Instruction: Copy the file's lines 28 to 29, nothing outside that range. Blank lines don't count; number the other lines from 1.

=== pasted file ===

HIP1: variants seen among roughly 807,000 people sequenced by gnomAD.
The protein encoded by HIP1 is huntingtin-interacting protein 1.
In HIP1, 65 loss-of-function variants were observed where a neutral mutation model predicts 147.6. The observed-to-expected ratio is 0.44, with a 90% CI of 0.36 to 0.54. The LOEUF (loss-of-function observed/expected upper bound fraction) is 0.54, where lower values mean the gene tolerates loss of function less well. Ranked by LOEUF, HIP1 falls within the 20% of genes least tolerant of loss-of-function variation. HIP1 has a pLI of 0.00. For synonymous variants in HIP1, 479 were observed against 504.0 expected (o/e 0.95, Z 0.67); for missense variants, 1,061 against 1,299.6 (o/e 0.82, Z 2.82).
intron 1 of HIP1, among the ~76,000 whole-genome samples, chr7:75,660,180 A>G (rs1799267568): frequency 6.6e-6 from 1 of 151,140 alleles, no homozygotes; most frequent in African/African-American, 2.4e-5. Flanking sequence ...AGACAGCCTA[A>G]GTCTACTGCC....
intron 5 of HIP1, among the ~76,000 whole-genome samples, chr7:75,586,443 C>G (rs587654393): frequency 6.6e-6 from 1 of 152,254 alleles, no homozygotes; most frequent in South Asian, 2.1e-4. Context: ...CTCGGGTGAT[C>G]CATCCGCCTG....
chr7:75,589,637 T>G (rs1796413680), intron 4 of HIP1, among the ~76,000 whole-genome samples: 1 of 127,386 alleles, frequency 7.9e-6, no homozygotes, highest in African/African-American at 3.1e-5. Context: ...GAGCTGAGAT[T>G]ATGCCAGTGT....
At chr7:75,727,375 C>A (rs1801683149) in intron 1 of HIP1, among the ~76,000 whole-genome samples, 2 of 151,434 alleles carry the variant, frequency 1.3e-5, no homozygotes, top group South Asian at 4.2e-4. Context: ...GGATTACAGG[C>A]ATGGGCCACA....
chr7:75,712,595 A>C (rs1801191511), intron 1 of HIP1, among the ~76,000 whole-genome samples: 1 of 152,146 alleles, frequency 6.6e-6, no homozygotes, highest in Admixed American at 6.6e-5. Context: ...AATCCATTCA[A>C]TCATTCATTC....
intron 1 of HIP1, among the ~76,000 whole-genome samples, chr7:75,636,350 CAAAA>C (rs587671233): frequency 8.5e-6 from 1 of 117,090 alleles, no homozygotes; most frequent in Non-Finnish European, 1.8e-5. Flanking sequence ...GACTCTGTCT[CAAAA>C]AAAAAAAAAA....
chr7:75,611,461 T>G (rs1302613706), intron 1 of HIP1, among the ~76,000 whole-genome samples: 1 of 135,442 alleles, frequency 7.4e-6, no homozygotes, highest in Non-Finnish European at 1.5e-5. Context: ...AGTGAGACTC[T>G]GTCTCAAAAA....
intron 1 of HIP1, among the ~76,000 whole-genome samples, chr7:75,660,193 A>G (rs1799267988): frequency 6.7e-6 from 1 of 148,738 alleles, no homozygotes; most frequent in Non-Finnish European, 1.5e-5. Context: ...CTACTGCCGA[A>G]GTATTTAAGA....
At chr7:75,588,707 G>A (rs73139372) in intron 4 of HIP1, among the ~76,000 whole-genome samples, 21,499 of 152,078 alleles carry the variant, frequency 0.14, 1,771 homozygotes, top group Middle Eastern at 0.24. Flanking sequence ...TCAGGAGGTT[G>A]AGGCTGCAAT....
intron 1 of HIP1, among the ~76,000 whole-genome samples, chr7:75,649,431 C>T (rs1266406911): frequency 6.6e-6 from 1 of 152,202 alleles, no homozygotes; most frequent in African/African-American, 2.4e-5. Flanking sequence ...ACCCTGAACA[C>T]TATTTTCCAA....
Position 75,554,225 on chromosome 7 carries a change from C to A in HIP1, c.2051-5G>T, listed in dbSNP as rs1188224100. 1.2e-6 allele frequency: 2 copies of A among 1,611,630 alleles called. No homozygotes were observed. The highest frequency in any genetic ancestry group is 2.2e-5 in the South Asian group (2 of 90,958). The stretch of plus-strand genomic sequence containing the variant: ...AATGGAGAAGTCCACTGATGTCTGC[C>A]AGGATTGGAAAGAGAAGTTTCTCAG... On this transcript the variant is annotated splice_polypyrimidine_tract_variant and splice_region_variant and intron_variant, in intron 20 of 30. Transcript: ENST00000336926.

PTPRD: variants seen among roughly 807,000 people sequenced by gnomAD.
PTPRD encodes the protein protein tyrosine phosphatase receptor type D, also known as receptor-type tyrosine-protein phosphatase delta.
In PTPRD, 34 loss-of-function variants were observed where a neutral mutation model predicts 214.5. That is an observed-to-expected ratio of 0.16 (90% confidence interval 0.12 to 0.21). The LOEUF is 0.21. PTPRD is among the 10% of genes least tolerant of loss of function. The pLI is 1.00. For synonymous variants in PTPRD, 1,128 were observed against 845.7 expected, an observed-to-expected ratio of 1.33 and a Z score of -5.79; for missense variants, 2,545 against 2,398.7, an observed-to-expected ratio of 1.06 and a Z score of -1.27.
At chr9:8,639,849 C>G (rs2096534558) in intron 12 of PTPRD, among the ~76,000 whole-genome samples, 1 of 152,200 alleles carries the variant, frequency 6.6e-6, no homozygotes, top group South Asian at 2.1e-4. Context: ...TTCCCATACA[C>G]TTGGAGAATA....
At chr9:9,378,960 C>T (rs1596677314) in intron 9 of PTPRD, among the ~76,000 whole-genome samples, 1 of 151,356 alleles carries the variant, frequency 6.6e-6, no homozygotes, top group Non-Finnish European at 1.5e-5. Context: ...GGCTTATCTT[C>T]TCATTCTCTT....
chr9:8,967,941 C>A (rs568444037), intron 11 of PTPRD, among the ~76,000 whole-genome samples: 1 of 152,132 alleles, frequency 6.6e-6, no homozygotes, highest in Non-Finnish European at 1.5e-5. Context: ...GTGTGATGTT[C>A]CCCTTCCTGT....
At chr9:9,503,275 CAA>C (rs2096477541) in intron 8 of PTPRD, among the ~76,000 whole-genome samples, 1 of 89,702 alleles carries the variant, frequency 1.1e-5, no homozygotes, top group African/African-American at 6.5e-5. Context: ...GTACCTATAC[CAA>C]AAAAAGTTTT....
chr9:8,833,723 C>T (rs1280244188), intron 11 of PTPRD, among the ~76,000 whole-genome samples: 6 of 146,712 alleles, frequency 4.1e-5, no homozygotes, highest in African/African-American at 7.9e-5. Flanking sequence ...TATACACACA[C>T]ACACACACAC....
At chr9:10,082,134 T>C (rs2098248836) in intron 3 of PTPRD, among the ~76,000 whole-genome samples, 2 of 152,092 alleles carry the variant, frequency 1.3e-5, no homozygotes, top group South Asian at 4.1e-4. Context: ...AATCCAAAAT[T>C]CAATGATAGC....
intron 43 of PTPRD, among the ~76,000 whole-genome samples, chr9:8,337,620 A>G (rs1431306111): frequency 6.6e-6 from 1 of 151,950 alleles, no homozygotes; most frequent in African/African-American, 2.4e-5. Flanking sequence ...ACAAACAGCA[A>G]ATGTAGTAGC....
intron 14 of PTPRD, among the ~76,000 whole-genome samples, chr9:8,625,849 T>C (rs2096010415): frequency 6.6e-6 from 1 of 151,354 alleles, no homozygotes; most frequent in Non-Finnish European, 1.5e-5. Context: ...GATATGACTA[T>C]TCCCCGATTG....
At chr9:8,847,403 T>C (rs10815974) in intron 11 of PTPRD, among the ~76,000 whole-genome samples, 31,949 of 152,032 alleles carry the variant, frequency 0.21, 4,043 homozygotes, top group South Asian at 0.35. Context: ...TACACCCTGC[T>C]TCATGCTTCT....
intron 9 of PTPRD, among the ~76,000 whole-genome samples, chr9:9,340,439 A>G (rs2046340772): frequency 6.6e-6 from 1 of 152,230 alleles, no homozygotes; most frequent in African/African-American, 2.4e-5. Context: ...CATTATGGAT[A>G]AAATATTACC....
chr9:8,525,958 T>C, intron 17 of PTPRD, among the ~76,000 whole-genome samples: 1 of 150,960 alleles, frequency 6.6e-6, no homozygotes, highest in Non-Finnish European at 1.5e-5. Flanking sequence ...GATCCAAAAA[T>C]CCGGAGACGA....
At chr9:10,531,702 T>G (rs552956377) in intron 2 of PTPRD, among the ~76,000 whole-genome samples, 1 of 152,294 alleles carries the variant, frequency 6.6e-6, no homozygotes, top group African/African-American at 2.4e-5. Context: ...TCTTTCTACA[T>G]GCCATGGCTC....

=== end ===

chr9:8,525,958 T>C, intron 17 of PTPRD, among the ~76,000 whole-genome samples: 1 of 150,960 alleles, frequency 6.6e-6, no homozygotes, highest in Non-Finnish European at 1.5e-5. Flanking sequence ...GATCCAAAAA[T>C]CCGGAGACGA....
At chr9:10,531,702 T>G (rs552956377) in intron 2 of PTPRD, among the ~76,000 whole-genome samples, 1 of 152,294 alleles carries the variant, frequency 6.6e-6, no homozygotes, top group African/African-American at 2.4e-5. Context: ...TCTTTCTACA[T>G]GCCATGGCTC....